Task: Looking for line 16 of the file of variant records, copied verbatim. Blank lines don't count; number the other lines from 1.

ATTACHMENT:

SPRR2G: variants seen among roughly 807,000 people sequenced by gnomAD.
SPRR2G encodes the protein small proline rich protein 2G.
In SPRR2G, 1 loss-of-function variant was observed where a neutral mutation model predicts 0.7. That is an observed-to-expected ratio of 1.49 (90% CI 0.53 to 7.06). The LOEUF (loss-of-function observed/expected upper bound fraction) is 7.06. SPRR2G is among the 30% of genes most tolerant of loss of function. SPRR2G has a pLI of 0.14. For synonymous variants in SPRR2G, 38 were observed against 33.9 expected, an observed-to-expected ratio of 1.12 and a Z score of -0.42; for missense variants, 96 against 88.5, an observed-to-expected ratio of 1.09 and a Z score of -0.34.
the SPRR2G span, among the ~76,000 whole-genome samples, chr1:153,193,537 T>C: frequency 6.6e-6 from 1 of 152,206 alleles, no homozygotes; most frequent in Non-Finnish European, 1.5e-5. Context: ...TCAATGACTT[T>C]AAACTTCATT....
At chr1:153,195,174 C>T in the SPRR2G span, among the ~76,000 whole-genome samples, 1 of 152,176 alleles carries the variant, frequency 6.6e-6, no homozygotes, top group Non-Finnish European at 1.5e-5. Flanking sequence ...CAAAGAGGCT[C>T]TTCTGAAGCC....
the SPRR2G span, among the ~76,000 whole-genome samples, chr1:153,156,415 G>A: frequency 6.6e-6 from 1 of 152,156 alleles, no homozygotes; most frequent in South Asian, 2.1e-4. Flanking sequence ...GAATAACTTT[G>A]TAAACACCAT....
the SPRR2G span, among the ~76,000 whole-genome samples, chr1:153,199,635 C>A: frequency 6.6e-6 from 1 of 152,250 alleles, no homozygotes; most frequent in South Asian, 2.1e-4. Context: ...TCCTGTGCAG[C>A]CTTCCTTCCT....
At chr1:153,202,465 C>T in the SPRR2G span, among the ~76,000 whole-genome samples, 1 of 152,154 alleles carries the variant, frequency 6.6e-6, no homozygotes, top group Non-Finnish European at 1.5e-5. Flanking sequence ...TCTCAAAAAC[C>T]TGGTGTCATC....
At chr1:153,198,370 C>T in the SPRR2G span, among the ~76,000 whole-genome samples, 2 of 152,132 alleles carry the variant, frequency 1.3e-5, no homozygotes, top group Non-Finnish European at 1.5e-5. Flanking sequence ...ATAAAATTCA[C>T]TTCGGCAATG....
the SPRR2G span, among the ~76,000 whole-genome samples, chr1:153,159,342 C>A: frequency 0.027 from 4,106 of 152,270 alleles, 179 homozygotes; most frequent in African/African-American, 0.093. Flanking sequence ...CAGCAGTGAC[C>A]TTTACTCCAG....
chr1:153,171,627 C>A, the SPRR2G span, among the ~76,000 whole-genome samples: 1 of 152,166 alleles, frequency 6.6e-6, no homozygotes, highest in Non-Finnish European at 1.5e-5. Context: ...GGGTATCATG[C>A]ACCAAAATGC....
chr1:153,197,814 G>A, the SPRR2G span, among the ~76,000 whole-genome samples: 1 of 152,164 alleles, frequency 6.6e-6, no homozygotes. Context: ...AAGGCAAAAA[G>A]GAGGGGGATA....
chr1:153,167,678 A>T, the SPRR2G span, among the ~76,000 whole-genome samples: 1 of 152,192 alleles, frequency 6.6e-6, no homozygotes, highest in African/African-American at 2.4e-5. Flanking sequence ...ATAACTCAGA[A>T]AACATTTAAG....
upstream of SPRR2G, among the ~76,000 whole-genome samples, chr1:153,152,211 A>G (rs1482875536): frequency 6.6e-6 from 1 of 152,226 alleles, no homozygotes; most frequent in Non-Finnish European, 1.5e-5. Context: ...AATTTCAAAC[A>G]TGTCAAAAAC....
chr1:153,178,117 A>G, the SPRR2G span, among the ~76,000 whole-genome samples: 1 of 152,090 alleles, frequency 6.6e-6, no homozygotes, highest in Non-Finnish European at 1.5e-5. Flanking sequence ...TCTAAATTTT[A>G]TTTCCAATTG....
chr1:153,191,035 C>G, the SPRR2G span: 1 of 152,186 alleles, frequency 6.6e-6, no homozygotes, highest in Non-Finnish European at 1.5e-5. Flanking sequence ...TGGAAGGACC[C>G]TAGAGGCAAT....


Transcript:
chr1:153,191,035 C>G, the SPRR2G span: 1 of 152,186 alleles, frequency 6.6e-6, no homozygotes, highest in Non-Finnish European at 1.5e-5. Flanking sequence ...TGGAAGGACC[C>G]TAGAGGCAAT....